Hermeneutics 101 – Catholicism and the Council of Trent: An Anathema Against Assurance

“If any one saith, that he will for certain, of an absolute and infallible certainty, have that great gift of perseverance unto the end,-unless he have learned this by special revelation; let him be anathema.”

Thus reads the sixteenth canon of the sixth session of the Council of Trent. To my knowledge, this is the only anathema in the entire Catholic tradition which touches on the issue of assurance. If any readers are aware of another dogma which concerns assurance, I would be most indebted and grateful if you could inform me and direct me to the statement.

AnathemaIt is my conviction that misinterpretation of this anathema has solidified much misery and despair among the Catholic sensus fidelium for the past 500 years. Catholics simply are not happy; nearly every single Catholic that I meet is either apathetic towards salvation, or utterly terrified that they are going to slip up, commit a mortal sin, get run over by a bus on the way to confession, and then get dragged down to the deepest circle of Hell, reserved for those totally depraved sinners who masturbate, smoke weed and lie on their tax return. Catholics simply do not have assurance. Meanwhile – during that same 500 years – Evangelicals have been moving forward in leaps and bounds, overflowing with assurance and gospel joy at the promise that there is a place in heaven and the new creation reserved especially for them.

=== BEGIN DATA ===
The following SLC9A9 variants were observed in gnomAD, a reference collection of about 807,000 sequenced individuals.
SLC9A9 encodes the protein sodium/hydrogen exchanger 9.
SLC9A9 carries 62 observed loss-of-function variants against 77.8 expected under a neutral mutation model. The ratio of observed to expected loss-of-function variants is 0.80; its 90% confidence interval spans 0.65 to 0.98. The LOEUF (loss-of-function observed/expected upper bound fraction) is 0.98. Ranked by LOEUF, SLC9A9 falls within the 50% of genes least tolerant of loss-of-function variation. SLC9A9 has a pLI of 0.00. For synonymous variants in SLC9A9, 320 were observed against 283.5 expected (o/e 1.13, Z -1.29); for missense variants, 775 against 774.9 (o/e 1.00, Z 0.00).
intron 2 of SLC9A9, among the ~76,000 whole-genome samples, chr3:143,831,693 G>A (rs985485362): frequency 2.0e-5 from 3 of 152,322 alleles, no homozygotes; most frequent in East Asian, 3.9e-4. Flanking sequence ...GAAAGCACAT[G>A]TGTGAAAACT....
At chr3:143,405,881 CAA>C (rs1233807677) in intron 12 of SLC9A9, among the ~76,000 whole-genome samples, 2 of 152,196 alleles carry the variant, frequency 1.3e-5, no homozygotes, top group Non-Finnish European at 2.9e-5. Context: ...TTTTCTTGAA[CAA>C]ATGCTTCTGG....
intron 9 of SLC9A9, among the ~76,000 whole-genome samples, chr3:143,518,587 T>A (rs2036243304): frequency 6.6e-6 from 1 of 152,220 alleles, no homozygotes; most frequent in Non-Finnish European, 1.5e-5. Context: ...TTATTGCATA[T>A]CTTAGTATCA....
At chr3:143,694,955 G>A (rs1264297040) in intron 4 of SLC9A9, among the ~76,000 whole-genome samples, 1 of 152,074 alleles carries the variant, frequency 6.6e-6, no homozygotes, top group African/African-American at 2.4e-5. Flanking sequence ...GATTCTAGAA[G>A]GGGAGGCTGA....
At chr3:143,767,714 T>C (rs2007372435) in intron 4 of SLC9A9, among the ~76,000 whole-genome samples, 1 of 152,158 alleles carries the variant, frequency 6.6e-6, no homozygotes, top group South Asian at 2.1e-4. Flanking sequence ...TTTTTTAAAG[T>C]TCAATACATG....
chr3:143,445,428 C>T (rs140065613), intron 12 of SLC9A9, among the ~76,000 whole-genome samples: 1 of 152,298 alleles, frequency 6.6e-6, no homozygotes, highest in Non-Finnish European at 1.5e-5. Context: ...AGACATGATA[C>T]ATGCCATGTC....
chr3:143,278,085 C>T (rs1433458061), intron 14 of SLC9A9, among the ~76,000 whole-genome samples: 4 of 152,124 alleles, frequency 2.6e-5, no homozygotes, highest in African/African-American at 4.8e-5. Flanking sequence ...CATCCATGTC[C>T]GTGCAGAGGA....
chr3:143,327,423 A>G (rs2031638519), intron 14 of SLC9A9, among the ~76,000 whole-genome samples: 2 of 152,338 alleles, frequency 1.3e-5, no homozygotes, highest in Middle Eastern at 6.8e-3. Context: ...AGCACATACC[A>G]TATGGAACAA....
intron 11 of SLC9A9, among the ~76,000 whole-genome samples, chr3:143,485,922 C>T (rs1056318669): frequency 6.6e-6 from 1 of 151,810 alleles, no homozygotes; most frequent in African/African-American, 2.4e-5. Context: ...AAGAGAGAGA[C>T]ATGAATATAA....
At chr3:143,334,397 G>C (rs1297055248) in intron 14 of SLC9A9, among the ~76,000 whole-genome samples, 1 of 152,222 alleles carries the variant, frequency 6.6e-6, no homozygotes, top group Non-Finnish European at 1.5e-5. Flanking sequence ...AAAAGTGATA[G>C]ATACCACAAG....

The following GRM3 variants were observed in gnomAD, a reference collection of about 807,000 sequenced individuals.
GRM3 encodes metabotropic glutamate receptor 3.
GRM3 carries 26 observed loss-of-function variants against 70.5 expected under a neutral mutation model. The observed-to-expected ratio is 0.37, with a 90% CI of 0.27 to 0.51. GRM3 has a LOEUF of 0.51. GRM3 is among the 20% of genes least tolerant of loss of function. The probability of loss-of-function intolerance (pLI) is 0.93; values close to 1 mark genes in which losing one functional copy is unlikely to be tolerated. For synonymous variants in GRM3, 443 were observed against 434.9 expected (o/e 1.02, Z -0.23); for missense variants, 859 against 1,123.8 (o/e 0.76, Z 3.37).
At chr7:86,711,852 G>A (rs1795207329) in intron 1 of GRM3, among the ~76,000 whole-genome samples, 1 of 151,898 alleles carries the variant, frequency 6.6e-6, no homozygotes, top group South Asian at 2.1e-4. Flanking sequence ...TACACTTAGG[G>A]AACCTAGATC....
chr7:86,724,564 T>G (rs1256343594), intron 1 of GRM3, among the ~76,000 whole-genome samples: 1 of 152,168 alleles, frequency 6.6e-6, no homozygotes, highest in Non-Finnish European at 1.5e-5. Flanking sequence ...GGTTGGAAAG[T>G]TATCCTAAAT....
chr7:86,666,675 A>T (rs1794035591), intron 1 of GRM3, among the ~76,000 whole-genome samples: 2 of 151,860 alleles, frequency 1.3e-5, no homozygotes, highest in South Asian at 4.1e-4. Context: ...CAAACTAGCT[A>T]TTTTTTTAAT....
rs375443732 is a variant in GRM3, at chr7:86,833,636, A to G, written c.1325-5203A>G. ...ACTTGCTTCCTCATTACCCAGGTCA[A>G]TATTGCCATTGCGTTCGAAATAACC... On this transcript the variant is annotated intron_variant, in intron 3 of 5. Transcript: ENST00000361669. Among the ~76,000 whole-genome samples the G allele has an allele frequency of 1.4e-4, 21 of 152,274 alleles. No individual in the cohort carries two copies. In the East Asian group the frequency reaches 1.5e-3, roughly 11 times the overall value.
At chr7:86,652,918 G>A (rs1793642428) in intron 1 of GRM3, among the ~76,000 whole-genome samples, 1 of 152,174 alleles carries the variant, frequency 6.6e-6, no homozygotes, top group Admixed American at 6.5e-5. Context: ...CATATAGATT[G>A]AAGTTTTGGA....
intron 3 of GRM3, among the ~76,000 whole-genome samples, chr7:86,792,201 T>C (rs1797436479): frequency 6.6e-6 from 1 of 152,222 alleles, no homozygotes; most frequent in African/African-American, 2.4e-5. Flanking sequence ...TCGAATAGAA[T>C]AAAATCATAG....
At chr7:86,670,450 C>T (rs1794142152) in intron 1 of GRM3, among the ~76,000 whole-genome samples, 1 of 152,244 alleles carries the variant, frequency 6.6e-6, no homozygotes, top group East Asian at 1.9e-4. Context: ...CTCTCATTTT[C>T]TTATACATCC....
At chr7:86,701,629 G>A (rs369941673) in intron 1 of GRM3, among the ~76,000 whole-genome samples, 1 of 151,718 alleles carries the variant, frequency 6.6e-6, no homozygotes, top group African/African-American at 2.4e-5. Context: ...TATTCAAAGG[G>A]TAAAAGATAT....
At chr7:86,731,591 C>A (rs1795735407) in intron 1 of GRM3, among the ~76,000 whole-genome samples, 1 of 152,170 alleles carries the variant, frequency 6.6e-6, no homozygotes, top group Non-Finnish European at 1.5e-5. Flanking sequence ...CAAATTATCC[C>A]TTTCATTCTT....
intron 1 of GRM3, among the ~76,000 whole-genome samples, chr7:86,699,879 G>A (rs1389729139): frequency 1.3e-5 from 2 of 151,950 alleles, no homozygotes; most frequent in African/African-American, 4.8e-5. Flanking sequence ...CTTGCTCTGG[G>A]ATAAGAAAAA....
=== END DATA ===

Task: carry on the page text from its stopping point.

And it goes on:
Catholics have been taught that they can have no assurance that they are “saved”; they can have no assurance that they will persevere to the end; they can have no assurance that they will go to heaven; if they have gone to confession, they nevertheless can have no assurance that they are in a state of grace; if they have commit a mortal sin and privately confessed it to God, they nevertheless can have no assurance that they have done so in a state of perfect contrition. Uncertainty, Uncertainty, Uncertainty. To believe that you are surely saved is regarded as the mortal sin of presumption.